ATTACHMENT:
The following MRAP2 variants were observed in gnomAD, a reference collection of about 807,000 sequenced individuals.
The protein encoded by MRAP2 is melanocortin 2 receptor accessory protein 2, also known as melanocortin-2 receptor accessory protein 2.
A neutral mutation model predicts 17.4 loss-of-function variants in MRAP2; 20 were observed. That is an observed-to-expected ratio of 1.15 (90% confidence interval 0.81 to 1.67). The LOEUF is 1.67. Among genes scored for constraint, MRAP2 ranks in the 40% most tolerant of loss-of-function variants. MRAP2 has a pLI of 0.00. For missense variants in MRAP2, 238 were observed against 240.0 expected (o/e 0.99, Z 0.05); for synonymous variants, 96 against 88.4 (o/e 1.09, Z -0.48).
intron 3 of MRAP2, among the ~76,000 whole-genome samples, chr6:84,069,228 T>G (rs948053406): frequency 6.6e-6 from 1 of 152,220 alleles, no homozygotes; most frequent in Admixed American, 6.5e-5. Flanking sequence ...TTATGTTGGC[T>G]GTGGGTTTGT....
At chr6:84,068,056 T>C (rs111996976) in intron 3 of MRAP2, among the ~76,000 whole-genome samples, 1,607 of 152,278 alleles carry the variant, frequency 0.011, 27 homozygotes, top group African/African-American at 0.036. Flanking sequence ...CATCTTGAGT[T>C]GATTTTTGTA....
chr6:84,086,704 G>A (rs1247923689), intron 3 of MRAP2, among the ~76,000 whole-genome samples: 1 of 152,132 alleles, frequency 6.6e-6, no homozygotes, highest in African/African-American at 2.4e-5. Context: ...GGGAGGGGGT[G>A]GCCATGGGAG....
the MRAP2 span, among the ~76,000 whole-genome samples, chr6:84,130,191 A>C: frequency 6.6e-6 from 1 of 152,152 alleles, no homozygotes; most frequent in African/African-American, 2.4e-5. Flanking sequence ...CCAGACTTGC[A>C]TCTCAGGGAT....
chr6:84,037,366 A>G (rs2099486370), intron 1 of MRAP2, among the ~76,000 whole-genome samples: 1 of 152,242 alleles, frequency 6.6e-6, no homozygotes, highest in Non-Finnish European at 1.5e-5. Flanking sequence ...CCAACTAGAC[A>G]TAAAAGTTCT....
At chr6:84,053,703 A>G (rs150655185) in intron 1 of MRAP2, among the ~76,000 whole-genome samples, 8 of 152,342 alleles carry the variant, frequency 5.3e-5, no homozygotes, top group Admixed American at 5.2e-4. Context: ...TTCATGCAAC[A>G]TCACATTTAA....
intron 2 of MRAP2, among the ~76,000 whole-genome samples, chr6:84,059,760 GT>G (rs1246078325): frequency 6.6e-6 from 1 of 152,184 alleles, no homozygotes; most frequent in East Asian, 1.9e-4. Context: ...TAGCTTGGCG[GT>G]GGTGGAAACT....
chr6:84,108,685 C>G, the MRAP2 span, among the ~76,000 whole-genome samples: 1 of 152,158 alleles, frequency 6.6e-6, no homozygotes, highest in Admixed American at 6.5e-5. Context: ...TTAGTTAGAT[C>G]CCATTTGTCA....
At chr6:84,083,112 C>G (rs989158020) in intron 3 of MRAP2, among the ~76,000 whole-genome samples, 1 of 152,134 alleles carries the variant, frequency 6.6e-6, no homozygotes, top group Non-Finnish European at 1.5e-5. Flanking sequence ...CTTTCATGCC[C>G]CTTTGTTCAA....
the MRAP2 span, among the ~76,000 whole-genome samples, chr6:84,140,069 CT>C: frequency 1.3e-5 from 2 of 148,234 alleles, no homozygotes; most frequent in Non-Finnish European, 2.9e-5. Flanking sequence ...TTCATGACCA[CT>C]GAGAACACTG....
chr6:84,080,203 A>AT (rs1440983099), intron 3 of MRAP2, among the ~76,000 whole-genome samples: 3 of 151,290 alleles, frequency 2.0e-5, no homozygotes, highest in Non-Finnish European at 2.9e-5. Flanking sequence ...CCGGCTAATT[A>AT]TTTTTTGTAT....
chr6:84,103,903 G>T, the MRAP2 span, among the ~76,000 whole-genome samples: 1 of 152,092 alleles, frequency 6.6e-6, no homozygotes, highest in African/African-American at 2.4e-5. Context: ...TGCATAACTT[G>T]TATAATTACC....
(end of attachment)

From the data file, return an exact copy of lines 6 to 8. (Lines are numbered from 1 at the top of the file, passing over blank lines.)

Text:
chr6:84,086,704 G>A (rs1247923689), intron 3 of MRAP2, among the ~76,000 whole-genome samples: 1 of 152,132 alleles, frequency 6.6e-6, no homozygotes, highest in African/African-American at 2.4e-5. Context: ...GGGAGGGGGT[G>A]GCCATGGGAG....
the MRAP2 span, among the ~76,000 whole-genome samples, chr6:84,130,191 A>C: frequency 6.6e-6 from 1 of 152,152 alleles, no homozygotes; most frequent in African/African-American, 2.4e-5. Flanking sequence ...CCAGACTTGC[A>C]TCTCAGGGAT....
chr6:84,037,366 A>G (rs2099486370), intron 1 of MRAP2, among the ~76,000 whole-genome samples: 1 of 152,242 alleles, frequency 6.6e-6, no homozygotes, highest in Non-Finnish European at 1.5e-5. Flanking sequence ...CCAACTAGAC[A>G]TAAAAGTTCT....